“It didn’t work out because I wasn’t Mexican and apparently, they have these certain rules in the league there…regulations.  They could only have like three guys [who weren’t Mexican] or something like that; I was like, late to the party as they say,” Gabriel said of the Mexican experience.

From there the odyssey continued, as he hooked up with a soccer trainer who had worked with the same player whose father had suggested Mexico. After some time, the trainer suggested that they travel to another soccer crazed country, Spain.

Gabriel arrived there and not long after, suffered a major injury when he tore a ligament in his hip. He returned to Puerto Rico, where he rehabbed for over a year before finding another soccer academy in Spain and returned to Europe for another chance. That also was unsuccessful as he was ostracized for not being Spanish and just wasn’t a fit for the team there. He again headed back to Puerto Rico. Medina began playing for a team there in San Juan, contributing to a championship run in the first division of the island’s league.

Once that was over, Gabriel and his father found the ISM Perugia, another soccer academy, this time in Italy. By now Gabriel was quite the frequent flyer and found himself crossing the Atlantic on yet another effort to fulfill his dreams of becoming a professional on the pitch.

The ISM Perugia is located in Perugia, Italy, in the central part of the country, just about 164 kilometers (102 miles) north of Rome. The students of the academy do not reside in dormitories (Italian universities don’t have them), but in apartment-like domiciles off of the main campus.

The first part of the day is morning-long Italian classes. Following these classes is a lunch break followed by training (soccer practice). Training lasts about one and a half hours during the afternoon. Following training, the time belongs to each person.

“Some of the guys, they would just go out trying to find a party…it really just depended on the individual. The main thing is, going to class in the morning and training in the afternoon,” Medina said.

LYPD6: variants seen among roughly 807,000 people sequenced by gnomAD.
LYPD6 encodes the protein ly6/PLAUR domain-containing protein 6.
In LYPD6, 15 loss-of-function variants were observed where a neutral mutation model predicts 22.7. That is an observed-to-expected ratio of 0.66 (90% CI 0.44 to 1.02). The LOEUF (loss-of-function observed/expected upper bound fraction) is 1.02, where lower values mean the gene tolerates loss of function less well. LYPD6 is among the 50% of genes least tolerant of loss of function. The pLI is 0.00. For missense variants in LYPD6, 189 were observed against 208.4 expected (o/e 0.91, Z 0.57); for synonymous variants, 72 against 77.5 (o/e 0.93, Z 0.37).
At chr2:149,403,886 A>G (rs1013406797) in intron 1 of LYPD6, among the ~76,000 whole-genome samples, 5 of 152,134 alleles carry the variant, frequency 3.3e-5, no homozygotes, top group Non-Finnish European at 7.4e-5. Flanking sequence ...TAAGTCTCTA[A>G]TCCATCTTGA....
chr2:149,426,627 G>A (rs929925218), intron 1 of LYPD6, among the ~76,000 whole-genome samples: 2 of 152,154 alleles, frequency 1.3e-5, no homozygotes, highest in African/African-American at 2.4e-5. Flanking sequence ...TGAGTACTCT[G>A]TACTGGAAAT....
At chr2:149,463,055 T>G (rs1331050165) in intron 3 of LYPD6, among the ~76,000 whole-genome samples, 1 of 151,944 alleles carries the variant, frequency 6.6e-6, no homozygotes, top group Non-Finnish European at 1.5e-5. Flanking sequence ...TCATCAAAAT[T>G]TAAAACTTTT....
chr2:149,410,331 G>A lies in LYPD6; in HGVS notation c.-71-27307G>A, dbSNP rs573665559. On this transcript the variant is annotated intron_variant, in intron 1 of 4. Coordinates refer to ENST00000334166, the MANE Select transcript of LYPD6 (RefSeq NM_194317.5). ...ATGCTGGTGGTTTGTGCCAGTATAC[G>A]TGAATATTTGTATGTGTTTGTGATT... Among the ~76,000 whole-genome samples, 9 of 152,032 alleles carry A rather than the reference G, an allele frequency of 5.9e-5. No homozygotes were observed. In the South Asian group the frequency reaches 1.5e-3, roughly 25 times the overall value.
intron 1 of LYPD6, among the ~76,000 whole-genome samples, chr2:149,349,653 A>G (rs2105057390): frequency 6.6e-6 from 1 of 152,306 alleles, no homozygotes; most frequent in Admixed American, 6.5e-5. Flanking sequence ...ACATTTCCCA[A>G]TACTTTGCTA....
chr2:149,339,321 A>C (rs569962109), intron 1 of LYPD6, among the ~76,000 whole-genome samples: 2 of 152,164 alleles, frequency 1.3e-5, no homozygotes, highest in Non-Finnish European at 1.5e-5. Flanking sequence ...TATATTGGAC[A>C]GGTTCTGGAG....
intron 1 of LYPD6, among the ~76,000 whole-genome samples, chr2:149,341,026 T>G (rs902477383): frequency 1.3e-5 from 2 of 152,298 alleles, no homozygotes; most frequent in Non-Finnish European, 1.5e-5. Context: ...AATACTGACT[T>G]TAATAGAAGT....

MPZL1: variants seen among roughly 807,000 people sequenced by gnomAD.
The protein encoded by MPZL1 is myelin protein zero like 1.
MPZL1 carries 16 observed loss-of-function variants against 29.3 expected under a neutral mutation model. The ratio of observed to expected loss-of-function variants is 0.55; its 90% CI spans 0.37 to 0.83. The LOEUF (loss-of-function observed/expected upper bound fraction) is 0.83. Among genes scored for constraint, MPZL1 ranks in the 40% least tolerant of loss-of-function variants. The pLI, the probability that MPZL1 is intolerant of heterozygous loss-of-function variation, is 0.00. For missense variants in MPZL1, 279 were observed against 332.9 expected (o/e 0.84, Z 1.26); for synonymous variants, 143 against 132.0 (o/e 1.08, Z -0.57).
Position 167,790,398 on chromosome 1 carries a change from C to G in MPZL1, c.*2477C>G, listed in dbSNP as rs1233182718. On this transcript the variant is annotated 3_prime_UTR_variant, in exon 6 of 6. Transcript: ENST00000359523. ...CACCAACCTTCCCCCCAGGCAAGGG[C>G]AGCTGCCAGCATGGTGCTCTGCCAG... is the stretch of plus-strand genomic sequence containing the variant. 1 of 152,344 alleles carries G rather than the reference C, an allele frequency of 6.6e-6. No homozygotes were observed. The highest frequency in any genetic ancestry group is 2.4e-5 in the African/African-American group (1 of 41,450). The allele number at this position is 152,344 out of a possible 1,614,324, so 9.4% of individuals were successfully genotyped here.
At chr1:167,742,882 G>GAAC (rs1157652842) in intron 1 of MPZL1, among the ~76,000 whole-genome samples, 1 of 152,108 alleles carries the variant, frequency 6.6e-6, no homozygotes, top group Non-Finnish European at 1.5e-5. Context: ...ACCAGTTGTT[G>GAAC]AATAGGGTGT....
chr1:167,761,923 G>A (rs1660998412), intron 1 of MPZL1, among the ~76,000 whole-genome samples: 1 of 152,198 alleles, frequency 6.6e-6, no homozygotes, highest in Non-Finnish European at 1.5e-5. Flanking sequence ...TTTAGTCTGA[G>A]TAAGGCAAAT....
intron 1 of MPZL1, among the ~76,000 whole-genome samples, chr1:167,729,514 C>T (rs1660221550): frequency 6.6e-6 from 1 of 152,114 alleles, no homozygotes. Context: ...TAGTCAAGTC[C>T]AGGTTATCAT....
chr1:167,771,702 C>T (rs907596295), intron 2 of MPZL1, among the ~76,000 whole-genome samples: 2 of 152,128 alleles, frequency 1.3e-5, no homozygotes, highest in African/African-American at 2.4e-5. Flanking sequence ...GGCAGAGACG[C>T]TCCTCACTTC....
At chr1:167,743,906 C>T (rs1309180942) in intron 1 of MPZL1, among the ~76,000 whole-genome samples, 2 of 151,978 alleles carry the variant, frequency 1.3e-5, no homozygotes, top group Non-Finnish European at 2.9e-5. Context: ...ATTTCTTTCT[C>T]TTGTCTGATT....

Culturally, Gabriel says that he felt right at home.  

“I honestly felt like I was in Puerto Rico, just a difference in language and food. The social dynamics in Italy, at least in Perugia, between the people are very similar to those in Puerto Rico. Everyone is very nice and really warm,” Medina said.

This time he made it through an entire year at the ISM. Medina learned the strategic and tactical differences between the American game and the European style.

“One of the key things that I learned is to wait on the mistake of the opponent…you just wait and when they make a mistake you exploit it,” Medina said.  This attitude, he also explains, is in marked contrast to the American attitude of constant aggression and physicality.

Following his time in Italy, where he learned a lot but didn’t have an opportunity to further his dreams of becoming a professional footballer, Medina returned to Florida,where his mother and brothers had now taken up residence. Medina took some time to figure what to do and then he decided to return to school and finish his degree.

Medina now studies International Business at the University of North Florida. He chose UNF because, ironically, he is not a big fan of the university environment. 

“Just the idea of being constrained constantly…I chose UNF because I’m with my family; I can breathe after being in the university environment,” Medina said.

Medina still has not given up his passion for futbol. He made a final run at his professional dreams, attending an open tryout for the Jacksonville Armada, the local NASL franchise. He did not make the cut and as of now, he is no longer pursuing becoming a professional player.

“I just decided to take a break from this notion of constantly trying to make it…if something happens, something surges, then yeah.  If not, then stay with the family and do what I gotta do.”